[More]

The enthusiasm in narrator Jon Gauger’s performance adds optimism to this updated edition of the author’s HOPE FOR THE SEPARATED. Conversational pacing and never-miss phrasing are part of his magic, and he keeps his message friendly by not overdramatizing Bible quotations and by understating Chapman’s authority in these matters. The author has always been a kind and inviting teacher. Here, he frames the distress of a seemingly failed marriage as an opportunity to fight back—not against your spouse but against the anger, frustration, and loneliness that arise within ourselves when a relationship fragments. Addressing a realistic array of reasons for marriage failure, Gauger presents the clear steps Chapman recommends to take. His hope for his audience makes this audiobook a powerful, listenable resource. T.W. © AudioFile 2014, Portland, Maine

[More]

More than just delivering their sentences, Kory Kogon and Adam Merrill (with brief segments read by the third author) use their performances to sell themselves and their solid commitment to their thinking. They sound like experienced teachers--serious about their research, proud of their careers in the Franklin-Covey organization, and always clear and inviting. Their suggestions are sophisticated updates of Steven Covey's time-management writing. Illustrating their words with motivating examples from their consulting work, they describe accessible strategies for managing one's decision making, attention, and energy--the three ingredients of productivity that we can control in the face of today's unprecedented distractions. Anchored in the familiar framework of the four-part "important/urgent" grid, this compelling lesson has everything you'll need to help you spend more time on what's really important. T.W. © AudioFile 2015, Portland, Maine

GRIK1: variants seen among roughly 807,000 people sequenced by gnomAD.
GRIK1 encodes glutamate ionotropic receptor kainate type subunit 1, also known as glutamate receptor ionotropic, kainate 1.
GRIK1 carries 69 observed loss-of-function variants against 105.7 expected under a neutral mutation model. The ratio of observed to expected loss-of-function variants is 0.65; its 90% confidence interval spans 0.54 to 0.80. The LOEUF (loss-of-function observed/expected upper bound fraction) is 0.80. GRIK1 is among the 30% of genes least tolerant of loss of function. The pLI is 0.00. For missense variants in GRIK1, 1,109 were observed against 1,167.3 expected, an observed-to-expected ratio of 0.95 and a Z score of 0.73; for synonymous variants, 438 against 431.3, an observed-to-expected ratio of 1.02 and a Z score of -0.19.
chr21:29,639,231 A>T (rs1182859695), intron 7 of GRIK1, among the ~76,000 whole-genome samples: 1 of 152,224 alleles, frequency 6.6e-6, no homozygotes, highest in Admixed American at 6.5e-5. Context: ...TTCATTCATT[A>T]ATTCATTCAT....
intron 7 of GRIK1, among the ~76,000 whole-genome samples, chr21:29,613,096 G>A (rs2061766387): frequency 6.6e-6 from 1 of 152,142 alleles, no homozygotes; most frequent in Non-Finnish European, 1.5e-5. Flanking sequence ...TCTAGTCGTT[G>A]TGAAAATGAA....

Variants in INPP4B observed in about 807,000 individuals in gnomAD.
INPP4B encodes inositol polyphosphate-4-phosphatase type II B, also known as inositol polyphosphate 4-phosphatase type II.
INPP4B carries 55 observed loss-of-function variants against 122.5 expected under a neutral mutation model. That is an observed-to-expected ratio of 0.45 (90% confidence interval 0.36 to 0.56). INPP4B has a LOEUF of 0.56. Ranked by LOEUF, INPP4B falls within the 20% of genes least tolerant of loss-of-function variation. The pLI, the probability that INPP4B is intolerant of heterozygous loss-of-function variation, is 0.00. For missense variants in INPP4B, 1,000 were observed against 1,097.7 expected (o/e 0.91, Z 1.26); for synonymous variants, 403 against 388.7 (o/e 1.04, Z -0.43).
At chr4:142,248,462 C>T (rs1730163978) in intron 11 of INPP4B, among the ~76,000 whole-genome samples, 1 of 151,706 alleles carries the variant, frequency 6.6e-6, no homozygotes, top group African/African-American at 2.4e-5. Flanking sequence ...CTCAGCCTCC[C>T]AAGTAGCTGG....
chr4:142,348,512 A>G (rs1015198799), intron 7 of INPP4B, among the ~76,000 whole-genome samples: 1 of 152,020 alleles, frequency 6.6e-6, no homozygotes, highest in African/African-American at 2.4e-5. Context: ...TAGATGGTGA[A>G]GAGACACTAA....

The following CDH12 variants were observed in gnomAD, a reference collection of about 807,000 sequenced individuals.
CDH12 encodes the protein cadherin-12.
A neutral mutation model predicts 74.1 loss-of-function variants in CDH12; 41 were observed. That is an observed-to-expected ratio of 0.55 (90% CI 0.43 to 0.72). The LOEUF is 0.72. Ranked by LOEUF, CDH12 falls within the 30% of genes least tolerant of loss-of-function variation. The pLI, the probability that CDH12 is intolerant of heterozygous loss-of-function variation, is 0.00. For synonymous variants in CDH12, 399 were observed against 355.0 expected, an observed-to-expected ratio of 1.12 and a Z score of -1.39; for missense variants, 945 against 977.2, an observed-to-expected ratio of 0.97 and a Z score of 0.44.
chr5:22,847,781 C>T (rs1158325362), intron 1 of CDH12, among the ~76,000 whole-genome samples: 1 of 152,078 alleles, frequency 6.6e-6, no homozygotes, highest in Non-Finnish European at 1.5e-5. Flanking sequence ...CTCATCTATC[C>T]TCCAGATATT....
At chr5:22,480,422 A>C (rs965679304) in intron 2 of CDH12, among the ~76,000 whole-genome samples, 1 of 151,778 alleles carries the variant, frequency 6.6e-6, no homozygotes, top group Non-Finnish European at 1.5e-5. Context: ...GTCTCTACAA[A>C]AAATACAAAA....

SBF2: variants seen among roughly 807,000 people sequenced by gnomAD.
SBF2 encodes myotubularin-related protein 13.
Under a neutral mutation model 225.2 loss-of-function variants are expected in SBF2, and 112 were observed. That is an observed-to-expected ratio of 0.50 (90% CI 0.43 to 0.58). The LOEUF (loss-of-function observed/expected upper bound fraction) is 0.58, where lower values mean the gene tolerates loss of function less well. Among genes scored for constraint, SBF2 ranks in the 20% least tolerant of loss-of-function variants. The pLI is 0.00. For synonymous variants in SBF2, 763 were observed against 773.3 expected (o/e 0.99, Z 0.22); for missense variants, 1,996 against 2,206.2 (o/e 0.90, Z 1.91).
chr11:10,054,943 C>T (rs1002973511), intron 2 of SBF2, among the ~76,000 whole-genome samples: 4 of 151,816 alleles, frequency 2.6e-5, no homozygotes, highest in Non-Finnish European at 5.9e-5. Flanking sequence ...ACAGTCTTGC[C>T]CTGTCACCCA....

[More]

A take-no-prisoners consultant and star of a business makeover TV show delivers hard-hitting advice on how to own who you are, manage yourself, and speak up when other people fail to work or don’t act like grown-ups. With her Australian accent and salty language, Coffey’s authentic confidence is perfect for this type of advice—an audible example of the assertiveness, style, and work ethic she encourages listeners to adopt. She says people get more out of themselves and others when they stop fearing disapproval, stop protecting others from their screwups, and stop being inhibited about what they want to do. With inspiring case histories and many specific strategies for beginning entrepreneurs, this is a high-impact invitation to demand the results you want from your life. T.W. © AudioFile 2014, Portland, Maine

[More]

Bestselling author Anne Lamott narrates her collection of new and selected essays with a serene and convincing voice that supports each teachable moment on grace. She shares her personal stories on spirituality, relationships, and sobriety in a tender, appealing tone that aims to help others through her lessons learned. Her honesty and self-deprecating wit add character that charms the listener. Lamott gently incorporates scripture and political views when necessary without being judgmental or pushy, making for a refreshing activist stance that the listener is sure to appreciate. The wise points in each autobiographical essay radiate hope that listeners can triumph over the pain and disappointment that are part of the human condition. D.Z.